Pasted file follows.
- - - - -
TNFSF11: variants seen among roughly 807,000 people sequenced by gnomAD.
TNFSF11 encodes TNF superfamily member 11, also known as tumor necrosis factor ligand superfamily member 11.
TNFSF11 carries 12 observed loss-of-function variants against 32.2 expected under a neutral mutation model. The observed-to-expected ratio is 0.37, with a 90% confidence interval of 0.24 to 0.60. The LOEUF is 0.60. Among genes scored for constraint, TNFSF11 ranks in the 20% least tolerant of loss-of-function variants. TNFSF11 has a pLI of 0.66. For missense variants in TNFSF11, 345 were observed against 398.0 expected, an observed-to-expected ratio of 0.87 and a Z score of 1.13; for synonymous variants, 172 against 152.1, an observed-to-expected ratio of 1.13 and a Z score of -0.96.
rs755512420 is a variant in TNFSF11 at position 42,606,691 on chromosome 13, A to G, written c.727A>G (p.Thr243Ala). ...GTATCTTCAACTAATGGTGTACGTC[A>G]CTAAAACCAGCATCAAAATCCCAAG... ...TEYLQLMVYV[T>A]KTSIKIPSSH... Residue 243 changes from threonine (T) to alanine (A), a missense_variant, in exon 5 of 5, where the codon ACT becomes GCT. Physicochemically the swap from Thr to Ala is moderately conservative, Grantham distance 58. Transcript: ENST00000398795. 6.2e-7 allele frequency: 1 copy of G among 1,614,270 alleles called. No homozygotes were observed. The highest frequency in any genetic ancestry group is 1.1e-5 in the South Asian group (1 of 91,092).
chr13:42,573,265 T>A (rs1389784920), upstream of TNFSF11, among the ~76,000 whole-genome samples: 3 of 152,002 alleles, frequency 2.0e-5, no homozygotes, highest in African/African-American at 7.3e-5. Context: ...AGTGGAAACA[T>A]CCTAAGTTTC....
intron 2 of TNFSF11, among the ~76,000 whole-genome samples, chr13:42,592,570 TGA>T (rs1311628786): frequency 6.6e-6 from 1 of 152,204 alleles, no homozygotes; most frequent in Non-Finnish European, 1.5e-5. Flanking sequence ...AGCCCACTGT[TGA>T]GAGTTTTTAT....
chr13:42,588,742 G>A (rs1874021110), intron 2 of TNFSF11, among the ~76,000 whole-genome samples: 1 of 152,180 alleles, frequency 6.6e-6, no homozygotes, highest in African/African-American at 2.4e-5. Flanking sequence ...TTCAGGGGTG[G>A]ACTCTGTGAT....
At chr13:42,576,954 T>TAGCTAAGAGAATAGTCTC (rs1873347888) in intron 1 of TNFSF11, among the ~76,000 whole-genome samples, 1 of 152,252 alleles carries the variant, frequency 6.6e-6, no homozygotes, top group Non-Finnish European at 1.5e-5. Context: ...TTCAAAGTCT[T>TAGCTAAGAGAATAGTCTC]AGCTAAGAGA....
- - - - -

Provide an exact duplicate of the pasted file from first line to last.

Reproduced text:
TNFSF11: variants seen among roughly 807,000 people sequenced by gnomAD.
TNFSF11 encodes TNF superfamily member 11, also known as tumor necrosis factor ligand superfamily member 11.
TNFSF11 carries 12 observed loss-of-function variants against 32.2 expected under a neutral mutation model. The observed-to-expected ratio is 0.37, with a 90% confidence interval of 0.24 to 0.60. The LOEUF is 0.60. Among genes scored for constraint, TNFSF11 ranks in the 20% least tolerant of loss-of-function variants. TNFSF11 has a pLI of 0.66. For missense variants in TNFSF11, 345 were observed against 398.0 expected, an observed-to-expected ratio of 0.87 and a Z score of 1.13; for synonymous variants, 172 against 152.1, an observed-to-expected ratio of 1.13 and a Z score of -0.96.
rs755512420 is a variant in TNFSF11 at position 42,606,691 on chromosome 13, A to G, written c.727A>G (p.Thr243Ala). ...GTATCTTCAACTAATGGTGTACGTC[A>G]CTAAAACCAGCATCAAAATCCCAAG... ...TEYLQLMVYV[T>A]KTSIKIPSSH... Residue 243 changes from threonine (T) to alanine (A), a missense_variant, in exon 5 of 5, where the codon ACT becomes GCT. Physicochemically the swap from Thr to Ala is moderately conservative, Grantham distance 58. Transcript: ENST00000398795. 6.2e-7 allele frequency: 1 copy of G among 1,614,270 alleles called. No homozygotes were observed. The highest frequency in any genetic ancestry group is 1.1e-5 in the South Asian group (1 of 91,092).
chr13:42,573,265 T>A (rs1389784920), upstream of TNFSF11, among the ~76,000 whole-genome samples: 3 of 152,002 alleles, frequency 2.0e-5, no homozygotes, highest in African/African-American at 7.3e-5. Context: ...AGTGGAAACA[T>A]CCTAAGTTTC....
intron 2 of TNFSF11, among the ~76,000 whole-genome samples, chr13:42,592,570 TGA>T (rs1311628786): frequency 6.6e-6 from 1 of 152,204 alleles, no homozygotes; most frequent in Non-Finnish European, 1.5e-5. Flanking sequence ...AGCCCACTGT[TGA>T]GAGTTTTTAT....
chr13:42,588,742 G>A (rs1874021110), intron 2 of TNFSF11, among the ~76,000 whole-genome samples: 1 of 152,180 alleles, frequency 6.6e-6, no homozygotes, highest in African/African-American at 2.4e-5. Flanking sequence ...TTCAGGGGTG[G>A]ACTCTGTGAT....
At chr13:42,576,954 T>TAGCTAAGAGAATAGTCTC (rs1873347888) in intron 1 of TNFSF11, among the ~76,000 whole-genome samples, 1 of 152,252 alleles carries the variant, frequency 6.6e-6, no homozygotes, top group Non-Finnish European at 1.5e-5. Context: ...TTCAAAGTCT[T>TAGCTAAGAGAATAGTCTC]AGCTAAGAGA....